• William’s mistress, who lived in Juarez, said she saw him in the early morning hours of March 6 (the day after he and Margaret were seen in El Paso) and he told her he had important things to tell her and “when they come for me, I’ll have to go in a hurry.” HOWEVER, she later recanted this statement. What I’m wondering is: if William had important things to tell her, why not just tell her right then, since they were together and all?
  • The couple’s business associates went around telling everyone they were on an extended vacation. No word as to where they were getting this information, but as a result they weren’t reported missing for five months.
  • The Pattersons’ lawyer eventually got a letter, supposedly from William, postmarked May 29. It said they were getting out of dodge and would not be returning, and instructing that their property should be divided up. HOWEVER, the selection of heirs was…curious, to say the least, and handwriting experts were not sure that William had actually signed the letter, and for several legal reasons (starting with the fact that Margaret co-owned the couple’s photography business), it had no actual value as a will.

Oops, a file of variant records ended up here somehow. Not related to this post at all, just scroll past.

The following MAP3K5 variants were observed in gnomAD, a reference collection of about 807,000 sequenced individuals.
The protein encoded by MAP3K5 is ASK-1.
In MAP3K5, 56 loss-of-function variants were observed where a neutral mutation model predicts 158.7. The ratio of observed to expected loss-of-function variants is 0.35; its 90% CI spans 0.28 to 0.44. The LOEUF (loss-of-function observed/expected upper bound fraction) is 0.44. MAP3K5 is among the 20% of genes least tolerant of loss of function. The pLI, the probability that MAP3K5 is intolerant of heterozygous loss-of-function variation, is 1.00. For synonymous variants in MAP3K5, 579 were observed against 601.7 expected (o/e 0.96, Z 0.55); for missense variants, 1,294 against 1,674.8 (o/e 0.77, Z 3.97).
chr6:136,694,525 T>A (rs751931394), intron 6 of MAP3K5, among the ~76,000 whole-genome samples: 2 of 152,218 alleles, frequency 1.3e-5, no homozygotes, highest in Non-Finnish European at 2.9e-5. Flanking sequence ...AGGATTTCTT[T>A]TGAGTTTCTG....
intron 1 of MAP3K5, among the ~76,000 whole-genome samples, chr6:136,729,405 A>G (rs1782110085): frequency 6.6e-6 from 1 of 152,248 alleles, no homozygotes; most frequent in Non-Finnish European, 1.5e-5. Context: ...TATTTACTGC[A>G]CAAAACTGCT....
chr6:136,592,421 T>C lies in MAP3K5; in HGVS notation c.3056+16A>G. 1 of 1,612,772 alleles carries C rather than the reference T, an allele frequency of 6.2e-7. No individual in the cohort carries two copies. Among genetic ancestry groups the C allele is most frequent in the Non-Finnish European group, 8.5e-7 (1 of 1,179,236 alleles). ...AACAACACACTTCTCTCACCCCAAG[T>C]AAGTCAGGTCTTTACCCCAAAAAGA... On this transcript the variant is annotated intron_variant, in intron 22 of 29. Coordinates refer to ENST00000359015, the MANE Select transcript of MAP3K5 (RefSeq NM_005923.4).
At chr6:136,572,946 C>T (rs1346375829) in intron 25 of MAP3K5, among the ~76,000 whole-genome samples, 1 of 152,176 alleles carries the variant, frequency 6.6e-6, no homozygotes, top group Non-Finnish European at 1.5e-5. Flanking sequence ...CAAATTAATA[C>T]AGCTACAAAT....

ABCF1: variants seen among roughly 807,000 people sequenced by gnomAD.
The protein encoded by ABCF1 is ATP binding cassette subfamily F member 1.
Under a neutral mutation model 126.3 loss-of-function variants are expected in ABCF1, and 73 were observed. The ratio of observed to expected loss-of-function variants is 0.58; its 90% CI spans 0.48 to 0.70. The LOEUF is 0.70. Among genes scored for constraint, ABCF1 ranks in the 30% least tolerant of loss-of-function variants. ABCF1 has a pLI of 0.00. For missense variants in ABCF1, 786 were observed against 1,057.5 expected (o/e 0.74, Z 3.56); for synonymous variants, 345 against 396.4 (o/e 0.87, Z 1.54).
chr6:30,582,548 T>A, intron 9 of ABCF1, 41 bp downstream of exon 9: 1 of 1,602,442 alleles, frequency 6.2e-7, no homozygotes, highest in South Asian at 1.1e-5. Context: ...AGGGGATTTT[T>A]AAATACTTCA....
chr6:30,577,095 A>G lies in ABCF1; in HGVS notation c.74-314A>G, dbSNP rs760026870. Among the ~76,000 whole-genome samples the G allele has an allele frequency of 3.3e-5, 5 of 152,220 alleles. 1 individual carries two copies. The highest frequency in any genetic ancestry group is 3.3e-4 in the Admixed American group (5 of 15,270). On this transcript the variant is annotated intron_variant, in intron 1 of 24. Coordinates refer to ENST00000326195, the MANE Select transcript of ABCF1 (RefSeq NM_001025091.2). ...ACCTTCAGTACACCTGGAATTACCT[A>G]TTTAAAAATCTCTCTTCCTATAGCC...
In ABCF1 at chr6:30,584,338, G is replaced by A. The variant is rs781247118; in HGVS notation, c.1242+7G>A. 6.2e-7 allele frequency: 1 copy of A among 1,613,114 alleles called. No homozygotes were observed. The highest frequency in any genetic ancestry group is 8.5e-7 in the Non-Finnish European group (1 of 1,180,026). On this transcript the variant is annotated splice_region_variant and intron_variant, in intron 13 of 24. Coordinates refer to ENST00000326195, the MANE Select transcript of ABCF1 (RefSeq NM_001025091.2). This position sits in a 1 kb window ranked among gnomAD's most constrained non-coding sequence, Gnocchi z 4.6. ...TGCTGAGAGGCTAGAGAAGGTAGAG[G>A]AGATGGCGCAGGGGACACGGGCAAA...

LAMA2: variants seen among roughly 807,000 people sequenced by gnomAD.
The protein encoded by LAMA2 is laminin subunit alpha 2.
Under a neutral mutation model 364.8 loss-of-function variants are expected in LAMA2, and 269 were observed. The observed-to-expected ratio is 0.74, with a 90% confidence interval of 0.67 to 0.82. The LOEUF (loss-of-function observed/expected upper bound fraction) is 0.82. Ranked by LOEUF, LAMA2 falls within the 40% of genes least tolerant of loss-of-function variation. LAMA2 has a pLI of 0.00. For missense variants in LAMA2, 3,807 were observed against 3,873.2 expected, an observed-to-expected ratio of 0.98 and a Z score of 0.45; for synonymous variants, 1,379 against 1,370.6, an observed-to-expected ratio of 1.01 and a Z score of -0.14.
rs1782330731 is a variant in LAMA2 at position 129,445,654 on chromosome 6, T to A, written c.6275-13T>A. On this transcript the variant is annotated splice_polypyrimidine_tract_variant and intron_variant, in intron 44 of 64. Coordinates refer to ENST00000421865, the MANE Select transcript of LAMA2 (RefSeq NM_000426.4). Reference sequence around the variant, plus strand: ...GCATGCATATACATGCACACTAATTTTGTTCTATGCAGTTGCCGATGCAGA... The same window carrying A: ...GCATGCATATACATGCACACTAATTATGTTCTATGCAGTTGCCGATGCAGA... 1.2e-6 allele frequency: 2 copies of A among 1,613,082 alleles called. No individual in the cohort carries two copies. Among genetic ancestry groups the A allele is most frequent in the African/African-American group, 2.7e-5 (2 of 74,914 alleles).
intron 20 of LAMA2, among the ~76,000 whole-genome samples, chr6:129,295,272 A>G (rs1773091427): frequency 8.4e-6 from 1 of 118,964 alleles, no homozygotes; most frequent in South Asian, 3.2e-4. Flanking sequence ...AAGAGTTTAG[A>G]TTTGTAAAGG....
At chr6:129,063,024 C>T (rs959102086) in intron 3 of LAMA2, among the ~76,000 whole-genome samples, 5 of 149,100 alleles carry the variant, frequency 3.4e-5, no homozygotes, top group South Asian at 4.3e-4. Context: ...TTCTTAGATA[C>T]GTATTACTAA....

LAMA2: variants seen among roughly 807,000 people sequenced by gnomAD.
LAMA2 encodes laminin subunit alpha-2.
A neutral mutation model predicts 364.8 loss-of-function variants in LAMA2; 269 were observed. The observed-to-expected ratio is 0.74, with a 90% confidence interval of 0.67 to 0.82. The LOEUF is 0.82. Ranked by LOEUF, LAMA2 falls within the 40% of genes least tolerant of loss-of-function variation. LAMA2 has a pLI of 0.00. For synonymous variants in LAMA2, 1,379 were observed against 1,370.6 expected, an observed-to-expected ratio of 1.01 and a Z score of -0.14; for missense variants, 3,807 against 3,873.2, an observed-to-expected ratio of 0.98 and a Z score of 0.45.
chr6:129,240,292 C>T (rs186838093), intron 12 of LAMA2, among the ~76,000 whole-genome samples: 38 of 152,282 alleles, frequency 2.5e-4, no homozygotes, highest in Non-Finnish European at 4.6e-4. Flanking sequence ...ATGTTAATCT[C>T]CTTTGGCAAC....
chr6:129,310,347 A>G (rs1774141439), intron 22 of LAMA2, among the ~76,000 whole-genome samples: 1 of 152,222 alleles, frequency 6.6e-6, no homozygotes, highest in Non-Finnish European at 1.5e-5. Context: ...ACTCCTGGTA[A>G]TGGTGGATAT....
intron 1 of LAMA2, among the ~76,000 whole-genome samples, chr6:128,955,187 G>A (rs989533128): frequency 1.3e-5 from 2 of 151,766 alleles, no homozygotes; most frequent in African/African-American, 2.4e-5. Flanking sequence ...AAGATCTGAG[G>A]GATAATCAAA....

In 1984, a witness went to the police and said he had been hired to clean the Pattersons’ home after they disappeared and he saw blood in the garage, a piece of human scalp stuck to William’s boat propeller, and someone carrying away bloodstained sheets. The witness was an illegal immigrant and he said he didn’t go to the police at the time because he was afraid he’d be deported. I’ve got no idea if there’s any evidence to back up his statement. I’ve watched¬†Forensic Files; I know they have all sorts of gizmos and experts in all kinds of obscure fields of crime scene analysis and it seems like if the house had still been there, they might have found something.

For what it’s worth, Margaret was completely estranged from her family. They hadn’t heard from her in 20 years and they assumed she was dead, which is an odd assumption if you ask me. She was a young healthy woman and she doesn’t appear to have vanished out of their lives into thin air; she became estranged from them because they disapproved of her marriage to William. So why would they assume she was dead?

Now, it’s been 60 years, and both of the Pattersons would be over 100 years old by now, so it’s a safe bet to assume they’re not alive anymore. What I would like to know is: do y’all think they were alive after 1957?

Let’s talk about it.